Additional steps must be taken with the Court if your client does not speak English. If a hearing has been scheduled, you should contact the Court to inform the Court that your client will need an interpreter. In addition to the Court's interpreter who interprets the proceedings, you may want to have an interpreter with you at
counsel table, so that you can communicate confidentially with your client during the proceedings. This interpreter is not provided by the Court. If you are submitting any documents that are not in English, the documents must be translated and the translation must be certified. VIP can provide information on how to certify the translation.

Q:    What if I am fluent in a foreign language and would like to volunteer to interpret for other volunteers?
A:    VIP is always in need of volunteers with proficiency in foreign languages. We generally need interpreters who speak Spanish, Russian, French, Cambodian, Mandarin, Cantonese or Vietnamese. Whatever foreign languages you speak, however, please contact VIP because we may have a client who needs your help.

Q:    What if there are costs associated with my representation?
A:    VIP will cover certain costs only if approval is obtained from VIP before the cost is incurred. The costs encountered most often are:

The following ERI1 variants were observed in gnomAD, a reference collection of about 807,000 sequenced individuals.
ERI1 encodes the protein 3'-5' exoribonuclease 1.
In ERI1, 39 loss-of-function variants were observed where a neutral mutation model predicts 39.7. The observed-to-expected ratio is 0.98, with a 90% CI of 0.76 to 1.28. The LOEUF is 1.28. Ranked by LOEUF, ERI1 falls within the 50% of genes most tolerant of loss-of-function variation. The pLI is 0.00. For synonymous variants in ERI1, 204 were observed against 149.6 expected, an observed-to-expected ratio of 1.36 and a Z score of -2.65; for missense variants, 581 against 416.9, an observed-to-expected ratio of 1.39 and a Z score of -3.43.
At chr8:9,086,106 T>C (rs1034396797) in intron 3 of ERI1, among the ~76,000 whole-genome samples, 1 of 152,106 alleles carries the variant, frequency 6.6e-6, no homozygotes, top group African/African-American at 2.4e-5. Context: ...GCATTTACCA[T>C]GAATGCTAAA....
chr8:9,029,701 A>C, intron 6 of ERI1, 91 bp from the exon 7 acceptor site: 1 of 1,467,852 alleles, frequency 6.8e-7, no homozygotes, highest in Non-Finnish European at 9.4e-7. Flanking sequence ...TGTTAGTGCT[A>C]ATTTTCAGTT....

• Title reports and other expenses surrounding title transfer: VIP receives free title reports, records deeds, and reimburses certain other title transfer expenses. Call VIP and ask to speak to the staff member who manages the Tangled Title Fund for more information.
  • Photocopying medical records: You should first write the doctor and/or hospital and request that the fee be waived. If the doctor refuses, you should ask the client if s/he has the money to pay for the expense. If they do not, contact VIP for approval of the cost before it is incurred.
  • Filing fees: The client should qualify for In Forma Pauperis (IFP) status. An IFP petition must be filed with the Court. If the client's IFP petition is denied, the client must pay the filing fees unless VIP determines that the denial was unjustified. VIP has copies of IFP petitions and can explain the procedure for filing an IFP.

VIP determines whether or not to cover litigation expenses on a case-by-case basis. If you would like VIP to cover a cost that is not listed above, please contact VIP's Managing Attorney or Executive Director before incurring any expense. 

Q:        What if I determine that my case lacks merit?
A:    You should not represent a client if you believe the case is not meritorious. Even if you do not represent your client, you provide a valuable service by explaining the situation to your client, advising your client of available options, and suggesting ways to avoid the problem in the future. If you are not sure of the merits of the case, call VIP and discuss the matter with the Managing Attorney.

Q:    What do I do when my case is finished?
A:    You should write a letter to VIP stating the outcome of the case, estimating the number of hours you spent on the case, and indicating whether you are available to take another case. The closing letter should be sent to the client and a copy should be sent to VIP.